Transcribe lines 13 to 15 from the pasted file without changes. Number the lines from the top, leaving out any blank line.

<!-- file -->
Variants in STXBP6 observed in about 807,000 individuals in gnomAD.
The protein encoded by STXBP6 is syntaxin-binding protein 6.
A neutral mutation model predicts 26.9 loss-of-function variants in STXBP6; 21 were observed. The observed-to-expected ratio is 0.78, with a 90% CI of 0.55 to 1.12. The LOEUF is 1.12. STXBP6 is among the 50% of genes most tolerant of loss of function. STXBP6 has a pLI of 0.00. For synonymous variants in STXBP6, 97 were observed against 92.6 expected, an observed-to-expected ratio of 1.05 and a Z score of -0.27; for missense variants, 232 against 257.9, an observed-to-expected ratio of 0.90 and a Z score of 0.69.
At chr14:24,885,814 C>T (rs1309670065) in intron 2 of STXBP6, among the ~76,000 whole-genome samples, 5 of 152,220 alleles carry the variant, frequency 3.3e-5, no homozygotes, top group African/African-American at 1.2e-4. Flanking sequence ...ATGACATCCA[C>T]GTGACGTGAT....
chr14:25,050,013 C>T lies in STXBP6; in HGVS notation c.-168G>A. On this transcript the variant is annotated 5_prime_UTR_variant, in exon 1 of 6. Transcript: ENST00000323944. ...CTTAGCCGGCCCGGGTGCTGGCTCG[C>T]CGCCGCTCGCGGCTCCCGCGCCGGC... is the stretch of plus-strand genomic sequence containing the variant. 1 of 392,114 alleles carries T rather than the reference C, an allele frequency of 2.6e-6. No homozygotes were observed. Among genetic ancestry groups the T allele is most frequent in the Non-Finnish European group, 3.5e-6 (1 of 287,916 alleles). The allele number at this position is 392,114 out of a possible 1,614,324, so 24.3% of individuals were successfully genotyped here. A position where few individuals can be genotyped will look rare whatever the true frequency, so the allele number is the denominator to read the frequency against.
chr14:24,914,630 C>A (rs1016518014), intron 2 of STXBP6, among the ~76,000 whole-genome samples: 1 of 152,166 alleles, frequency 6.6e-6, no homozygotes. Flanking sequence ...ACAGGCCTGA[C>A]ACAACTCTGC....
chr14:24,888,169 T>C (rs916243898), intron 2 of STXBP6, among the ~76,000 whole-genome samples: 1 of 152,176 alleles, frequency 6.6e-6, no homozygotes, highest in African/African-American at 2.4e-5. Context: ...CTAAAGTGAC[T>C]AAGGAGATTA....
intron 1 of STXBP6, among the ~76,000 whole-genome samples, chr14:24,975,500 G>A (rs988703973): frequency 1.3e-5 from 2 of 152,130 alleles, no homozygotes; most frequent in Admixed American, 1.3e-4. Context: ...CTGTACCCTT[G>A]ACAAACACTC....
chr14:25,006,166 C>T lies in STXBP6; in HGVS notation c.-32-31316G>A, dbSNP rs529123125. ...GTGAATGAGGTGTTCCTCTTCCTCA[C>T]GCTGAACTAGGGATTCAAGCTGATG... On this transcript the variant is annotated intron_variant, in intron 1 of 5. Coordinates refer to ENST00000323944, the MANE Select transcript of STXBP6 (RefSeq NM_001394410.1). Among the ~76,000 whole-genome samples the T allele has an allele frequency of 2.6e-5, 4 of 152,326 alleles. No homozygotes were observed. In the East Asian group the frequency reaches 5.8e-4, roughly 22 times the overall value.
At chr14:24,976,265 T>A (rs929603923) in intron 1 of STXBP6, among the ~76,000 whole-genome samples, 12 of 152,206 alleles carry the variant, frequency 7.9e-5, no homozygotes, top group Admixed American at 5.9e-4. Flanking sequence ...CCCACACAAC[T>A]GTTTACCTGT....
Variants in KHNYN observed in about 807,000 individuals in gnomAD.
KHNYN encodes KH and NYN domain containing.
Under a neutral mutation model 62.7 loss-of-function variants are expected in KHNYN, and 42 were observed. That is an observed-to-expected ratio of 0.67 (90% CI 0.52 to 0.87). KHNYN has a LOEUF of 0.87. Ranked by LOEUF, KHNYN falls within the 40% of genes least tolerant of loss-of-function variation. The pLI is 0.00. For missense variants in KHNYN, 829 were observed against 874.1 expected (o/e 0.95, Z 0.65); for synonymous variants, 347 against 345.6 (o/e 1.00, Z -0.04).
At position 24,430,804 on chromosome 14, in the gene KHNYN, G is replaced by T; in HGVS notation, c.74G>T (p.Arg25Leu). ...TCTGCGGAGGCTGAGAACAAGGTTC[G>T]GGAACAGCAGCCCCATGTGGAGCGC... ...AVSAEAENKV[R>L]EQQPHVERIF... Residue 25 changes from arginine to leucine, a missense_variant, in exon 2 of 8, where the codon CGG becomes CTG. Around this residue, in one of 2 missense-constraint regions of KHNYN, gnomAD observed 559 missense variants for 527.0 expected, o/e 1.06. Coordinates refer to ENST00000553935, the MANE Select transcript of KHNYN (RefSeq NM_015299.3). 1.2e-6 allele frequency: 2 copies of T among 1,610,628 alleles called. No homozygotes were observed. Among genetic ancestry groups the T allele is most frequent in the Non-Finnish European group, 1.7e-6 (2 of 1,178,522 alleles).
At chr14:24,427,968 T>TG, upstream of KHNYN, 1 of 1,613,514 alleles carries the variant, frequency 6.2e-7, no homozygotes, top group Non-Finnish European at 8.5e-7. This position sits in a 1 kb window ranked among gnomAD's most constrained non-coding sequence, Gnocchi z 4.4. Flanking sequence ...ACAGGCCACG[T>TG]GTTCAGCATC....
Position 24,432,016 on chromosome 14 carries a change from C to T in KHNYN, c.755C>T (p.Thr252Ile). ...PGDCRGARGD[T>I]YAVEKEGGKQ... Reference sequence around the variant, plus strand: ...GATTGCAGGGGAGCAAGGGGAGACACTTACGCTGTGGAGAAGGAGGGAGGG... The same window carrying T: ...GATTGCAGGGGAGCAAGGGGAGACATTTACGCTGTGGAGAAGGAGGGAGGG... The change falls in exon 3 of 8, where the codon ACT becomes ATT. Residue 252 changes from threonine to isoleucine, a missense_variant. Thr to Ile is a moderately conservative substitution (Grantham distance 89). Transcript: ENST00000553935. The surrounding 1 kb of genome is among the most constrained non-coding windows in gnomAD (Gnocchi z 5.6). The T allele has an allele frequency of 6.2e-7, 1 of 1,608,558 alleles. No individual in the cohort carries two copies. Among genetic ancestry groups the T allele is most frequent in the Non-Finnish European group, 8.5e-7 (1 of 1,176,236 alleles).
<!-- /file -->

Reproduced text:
Under a neutral mutation model 62.7 loss-of-function variants are expected in KHNYN, and 42 were observed. That is an observed-to-expected ratio of 0.67 (90% CI 0.52 to 0.87). KHNYN has a LOEUF of 0.87. Ranked by LOEUF, KHNYN falls within the 40% of genes least tolerant of loss-of-function variation. The pLI is 0.00. For missense variants in KHNYN, 829 were observed against 874.1 expected (o/e 0.95, Z 0.65); for synonymous variants, 347 against 345.6 (o/e 1.00, Z -0.04).
At position 24,430,804 on chromosome 14, in the gene KHNYN, G is replaced by T; in HGVS notation, c.74G>T (p.Arg25Leu). ...TCTGCGGAGGCTGAGAACAAGGTTC[G>T]GGAACAGCAGCCCCATGTGGAGCGC... ...AVSAEAENKV[R>L]EQQPHVERIF... Residue 25 changes from arginine to leucine, a missense_variant, in exon 2 of 8, where the codon CGG becomes CTG. Around this residue, in one of 2 missense-constraint regions of KHNYN, gnomAD observed 559 missense variants for 527.0 expected, o/e 1.06. Coordinates refer to ENST00000553935, the MANE Select transcript of KHNYN (RefSeq NM_015299.3). 1.2e-6 allele frequency: 2 copies of T among 1,610,628 alleles called. No homozygotes were observed. Among genetic ancestry groups the T allele is most frequent in the Non-Finnish European group, 1.7e-6 (2 of 1,178,522 alleles).
At chr14:24,427,968 T>TG, upstream of KHNYN, 1 of 1,613,514 alleles carries the variant, frequency 6.2e-7, no homozygotes, top group Non-Finnish European at 8.5e-7. This position sits in a 1 kb window ranked among gnomAD's most constrained non-coding sequence, Gnocchi z 4.4. Flanking sequence ...ACAGGCCACG[T>TG]GTTCAGCATC....